I was very excited to read Fangirl by Rainbow Rowell after reading and loving Eleanor and Park last year. There’s so much love out there for Fangirl so I went into reading this with my expectations set sky high, ready to have my heart and mind truly blown. And while I enjoyed this YA book, there was a lot to like about it, it didn’t grab me as much as I thought it would.
For anyone who is not familiar with Fangirl, it tells the story of Cather or Cath, twin sister to Wren. When they start university, Wren wants to set out alone from the whole twin thing and party. Cath on the other hand, hides out in her dorm room like a hermit and works on her fanfiction story that is part of the world of Simon Snow (a Harry Potter like publishing phenomenon). She has worked on this story for two years and has thousands of online followers. Even though she writes about love between Simon and the evil Baz, she has yet to experience it herself.
Despite Cath avoiding the real world due to social anxiety, she manages to make friends with her roommate Reagan and Reagan’s possible boyfriend Levi. But Cath has much to learn about life, friendship, relationships and writing.
I don’t know much about fanfiction so I couldn’t really relate to Cath’s obsession with rewriting the ending of someone’s work but all the Simon Snow references reminded me of the joy of reading Harry Potter for the first time and of being a fan of a book series.
Rainbow Rowell writes great characters, each with their own quirks. I particularly liked the character Levi because he was warm, personable, social and really came to life on the page.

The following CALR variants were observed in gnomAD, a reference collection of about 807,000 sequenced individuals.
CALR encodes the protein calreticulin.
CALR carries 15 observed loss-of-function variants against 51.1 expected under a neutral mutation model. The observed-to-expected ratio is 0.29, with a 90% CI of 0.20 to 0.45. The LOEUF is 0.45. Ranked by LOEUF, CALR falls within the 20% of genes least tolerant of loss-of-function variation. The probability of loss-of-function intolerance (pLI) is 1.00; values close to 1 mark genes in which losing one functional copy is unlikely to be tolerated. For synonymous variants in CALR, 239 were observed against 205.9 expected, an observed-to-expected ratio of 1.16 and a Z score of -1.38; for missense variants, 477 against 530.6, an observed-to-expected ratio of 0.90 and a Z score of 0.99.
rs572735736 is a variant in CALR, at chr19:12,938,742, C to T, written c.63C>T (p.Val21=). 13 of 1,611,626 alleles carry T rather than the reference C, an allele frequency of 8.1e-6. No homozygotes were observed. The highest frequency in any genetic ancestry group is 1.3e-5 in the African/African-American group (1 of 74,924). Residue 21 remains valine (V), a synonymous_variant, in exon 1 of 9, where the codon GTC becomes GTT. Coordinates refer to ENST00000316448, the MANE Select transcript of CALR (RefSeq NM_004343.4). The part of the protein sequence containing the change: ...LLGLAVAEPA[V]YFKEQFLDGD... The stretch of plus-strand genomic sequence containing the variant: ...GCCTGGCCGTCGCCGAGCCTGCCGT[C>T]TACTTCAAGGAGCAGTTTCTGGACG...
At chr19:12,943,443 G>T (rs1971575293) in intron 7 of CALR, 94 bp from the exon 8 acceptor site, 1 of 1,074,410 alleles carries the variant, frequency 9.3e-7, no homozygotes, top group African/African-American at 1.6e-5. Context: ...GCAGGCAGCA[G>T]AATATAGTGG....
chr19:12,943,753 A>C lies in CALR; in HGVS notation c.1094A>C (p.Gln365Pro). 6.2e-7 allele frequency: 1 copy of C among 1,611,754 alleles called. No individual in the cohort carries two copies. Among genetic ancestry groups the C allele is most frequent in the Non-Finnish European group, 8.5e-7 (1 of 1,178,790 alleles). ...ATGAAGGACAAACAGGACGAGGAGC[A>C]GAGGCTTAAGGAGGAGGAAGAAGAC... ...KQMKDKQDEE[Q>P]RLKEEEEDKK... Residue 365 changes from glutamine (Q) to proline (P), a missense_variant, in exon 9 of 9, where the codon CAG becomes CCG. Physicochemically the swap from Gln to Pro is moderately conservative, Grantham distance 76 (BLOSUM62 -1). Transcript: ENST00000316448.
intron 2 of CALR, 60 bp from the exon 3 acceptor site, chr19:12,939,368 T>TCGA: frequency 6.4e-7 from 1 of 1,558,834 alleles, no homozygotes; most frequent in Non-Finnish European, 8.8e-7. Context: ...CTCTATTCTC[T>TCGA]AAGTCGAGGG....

The protagonist Cath was an interesting character who has a lot to cope with in her family life and obviously has confidence issues and social anxiety. But she was confident about her writing. I liked Cath’s witty one-liners but after a while I got annoyed with her for not taking more control of life and situations. But I guess that was just in keeping with her personality. If anything, it showed that she was still in the process of making the transition from a kid to a young adult.
I wasn’t a fan of the ending of this book. There was a lot that was left unresolved. This happened in Eleanor and Park as well. It’s like the author just ran out of things to say. I felt like the whole book was building towards something and then it just never made it.
I will still read more books by Rainbow Rowell as I do like her writing. I have just read Attachments (which I loved) and Carry On is waiting on my to be read pile.
Verdict: A sweet coming of age story about family, first love and the joys of writing.
Have you read Fangirl? What did you think?